STR’s fake news article shared by 7 Facebook users in “concerted effort” to reach 800,000 people
The Police investigation into the fake article is in progress.
You may have noticed that trying to access the States Times Review (STR) website while in Singapore brings you to this page instead:
After publishing a false news story, and refusing to take it down when requested, the Info-communications Media Development Authority (IMDA) blocked access to the site on Nov. 9.
STR’s article was false
In response to a question from MP Murali Pillai, Senior Minister of State for Law Edwin Tong addressed the issue of STR’s fake news in Parliament on Nov. 20.
On Nov. 5, STR alleged in a story that Singapore had struck favourable deals on the High Speed Rail and the Water Agreement with Malaysia, in return for influencing local banks to corruptly launder funds related to the 1MDB scandal.
It also alleged that Singapore did nothing to assist Malaysia in the ongoing investigations.
Tong said that the story was demonstrably false and shared that Singapore was the first jurisdiction to take action against those involved in the 1MDB scandal.
Singapore authorities have taken action on the 1MDB scandal
Firstly, Singapore commenced investigations into 1MDB funds in March 2015. As a result, two banks were shut down and eight others were fined $29.1 million.
The Monetary Authority of Singapore also seized $240 million worth of assets, of which $120 million belonged to Jho Low and his immediate family.
It also issued arrest warrants and requested Interpol Red Notices for Low and his proxy Tan Kim Loong.
Singapore has also charged and convicted five individuals for offences related to the 1MDB scandal, and investigations into other suspects are ongoing.
Investigation into STR article is ongoing
Tong noted that all this was publicly available information.
However, despite the High Commission of Singapore in Malaysia releasing a public clarification and rebuttal, STR did not carry it.
In fact, STR’s founder and editor Alex Tan dared Prime Minister Lee Hsien Loong to sue him for libel.
After refusing to take down the article, and having access to his site blocked by IMDA, Tan announced that STR would shut down.
However, a strikingly similar website, the Singapore Herald, then sprang up as a spiritual successor.
Tong said that a Police report was made on Nov. 8 about the article, and action will be taken pending the conclusion of the Police’s investigation and advice from the Attorney-General’s Chambers.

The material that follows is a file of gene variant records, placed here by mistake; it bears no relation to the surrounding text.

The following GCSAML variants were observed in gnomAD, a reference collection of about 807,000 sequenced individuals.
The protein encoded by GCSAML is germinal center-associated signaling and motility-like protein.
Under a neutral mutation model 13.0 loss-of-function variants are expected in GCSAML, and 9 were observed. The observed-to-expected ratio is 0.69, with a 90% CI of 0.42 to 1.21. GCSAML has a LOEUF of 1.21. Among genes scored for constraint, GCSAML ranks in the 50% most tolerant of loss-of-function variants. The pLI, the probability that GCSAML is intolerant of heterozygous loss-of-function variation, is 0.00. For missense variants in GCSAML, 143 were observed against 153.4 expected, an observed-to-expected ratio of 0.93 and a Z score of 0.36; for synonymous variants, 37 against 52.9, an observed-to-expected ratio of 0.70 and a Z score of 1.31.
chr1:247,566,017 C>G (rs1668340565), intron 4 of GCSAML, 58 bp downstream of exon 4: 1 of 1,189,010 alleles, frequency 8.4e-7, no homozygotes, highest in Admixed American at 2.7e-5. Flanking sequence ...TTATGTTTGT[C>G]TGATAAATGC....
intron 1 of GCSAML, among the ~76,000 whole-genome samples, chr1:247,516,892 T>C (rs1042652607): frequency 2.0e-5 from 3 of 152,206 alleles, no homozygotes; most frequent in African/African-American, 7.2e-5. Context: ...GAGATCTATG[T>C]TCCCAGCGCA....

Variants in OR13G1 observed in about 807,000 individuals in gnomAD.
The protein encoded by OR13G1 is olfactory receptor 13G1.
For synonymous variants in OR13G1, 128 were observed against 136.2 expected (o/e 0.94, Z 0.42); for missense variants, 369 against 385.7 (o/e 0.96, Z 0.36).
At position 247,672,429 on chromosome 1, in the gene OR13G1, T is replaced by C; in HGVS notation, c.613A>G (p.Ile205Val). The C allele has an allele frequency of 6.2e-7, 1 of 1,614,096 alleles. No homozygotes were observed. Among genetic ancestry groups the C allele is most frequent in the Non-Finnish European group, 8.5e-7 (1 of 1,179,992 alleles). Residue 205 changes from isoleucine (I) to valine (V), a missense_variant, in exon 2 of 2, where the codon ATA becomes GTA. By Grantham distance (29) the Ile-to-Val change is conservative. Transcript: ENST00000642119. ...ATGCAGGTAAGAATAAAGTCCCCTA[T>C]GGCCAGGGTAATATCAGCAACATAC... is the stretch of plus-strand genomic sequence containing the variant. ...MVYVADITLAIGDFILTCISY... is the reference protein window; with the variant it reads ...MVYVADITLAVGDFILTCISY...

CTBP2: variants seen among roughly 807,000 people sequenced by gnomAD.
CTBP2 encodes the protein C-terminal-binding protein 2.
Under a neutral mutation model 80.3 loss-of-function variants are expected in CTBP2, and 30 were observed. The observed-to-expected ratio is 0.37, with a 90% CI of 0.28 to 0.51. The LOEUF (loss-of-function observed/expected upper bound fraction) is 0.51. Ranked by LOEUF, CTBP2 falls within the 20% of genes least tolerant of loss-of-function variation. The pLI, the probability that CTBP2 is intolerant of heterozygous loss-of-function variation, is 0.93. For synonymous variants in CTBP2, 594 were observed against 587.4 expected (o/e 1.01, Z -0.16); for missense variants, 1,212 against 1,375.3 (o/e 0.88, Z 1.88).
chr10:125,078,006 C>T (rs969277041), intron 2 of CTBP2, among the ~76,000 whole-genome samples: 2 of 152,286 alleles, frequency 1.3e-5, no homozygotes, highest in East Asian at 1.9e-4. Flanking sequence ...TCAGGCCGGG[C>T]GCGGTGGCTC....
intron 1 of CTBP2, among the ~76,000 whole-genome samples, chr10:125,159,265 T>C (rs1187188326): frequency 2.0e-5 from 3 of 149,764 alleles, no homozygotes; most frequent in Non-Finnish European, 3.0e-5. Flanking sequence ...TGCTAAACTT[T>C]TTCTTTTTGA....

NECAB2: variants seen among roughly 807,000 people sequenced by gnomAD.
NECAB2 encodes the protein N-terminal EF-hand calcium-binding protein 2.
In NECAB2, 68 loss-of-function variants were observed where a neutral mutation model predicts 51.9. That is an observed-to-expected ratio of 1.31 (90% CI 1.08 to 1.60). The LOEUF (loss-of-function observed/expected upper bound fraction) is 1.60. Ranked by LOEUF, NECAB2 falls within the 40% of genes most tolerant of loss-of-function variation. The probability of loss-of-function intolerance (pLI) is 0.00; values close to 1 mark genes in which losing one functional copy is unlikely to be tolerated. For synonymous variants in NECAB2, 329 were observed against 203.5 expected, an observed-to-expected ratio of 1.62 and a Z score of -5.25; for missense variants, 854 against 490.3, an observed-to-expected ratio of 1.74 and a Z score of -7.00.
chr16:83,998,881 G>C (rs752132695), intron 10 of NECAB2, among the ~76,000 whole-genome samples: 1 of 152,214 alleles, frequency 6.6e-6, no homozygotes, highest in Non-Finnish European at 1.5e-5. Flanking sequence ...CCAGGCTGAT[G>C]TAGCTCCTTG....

Fake news spread quickly
Tong described how the fake article spread online.
A similar article was first published in May 2018. It was then repackaged and published again on Nov. 5, 2018, after using a quote from the Sarawak Report as a peg to make the same false claims.
The Sarawak Report has refuted STR’s claims.
Tong revealed that a small group of just seven Facebook users made a “concerted effort” to share the article in various Facebook groups, whether related or not.
Due to their actions, this caused the article to be viewed by potentially 800,000 people who were members of those groups.
The article itself was shared about 1,600 times as at Nov. 8, 2018.
On Nov. 7, this re-packaged article was reproduced on Malaysian website The Coverage.
The article on The Coverage was then picked up by mainstream Malaysian Chinese-language newspaper China Press. By Nov. 8, it had been viewed 45,000 times.
Facebook declined to deny access to the post
As the article contained prohibited content, IMDA asked Facebook to deny access to the post on STR’s Facebook page.
However, Facebook refused. It did not consider that there were sufficient grounds to deny access to the post.
Tong said that Facebook’s reluctance was surprising, as it had previously given assurances to Singaporean authorities that they would work closely together to address deliberate online falsehoods.
However in this case, Facebook declined to take action despite the article being an example of such a falsehood.
Tong noted Facebook only considered prohibiting content that had “the potential to contribute to imminent violence or physical harm”.
He further said:
“There are many situations where serious harm is caused even though there is no potential for ‘imminent violence or physical harm’. And as Members will appreciate, the slow drip of poison, over a period of time, can one day burst into violence.
And Facebook will do nothing about it, despite the various statements made in Singapore and elsewhere.”
Calling out Facebook as allowing itself to be a platform to spread lies, Tong said that this incident demonstrates why service provider platforms cannot be relied on to protect the public from disinformation campaigns.
Tong, who served on the Select Committee on Deliberate Online Falsehoods, said that legislative powers were needed.
Top image adapted from States Times Review’s Facebook page.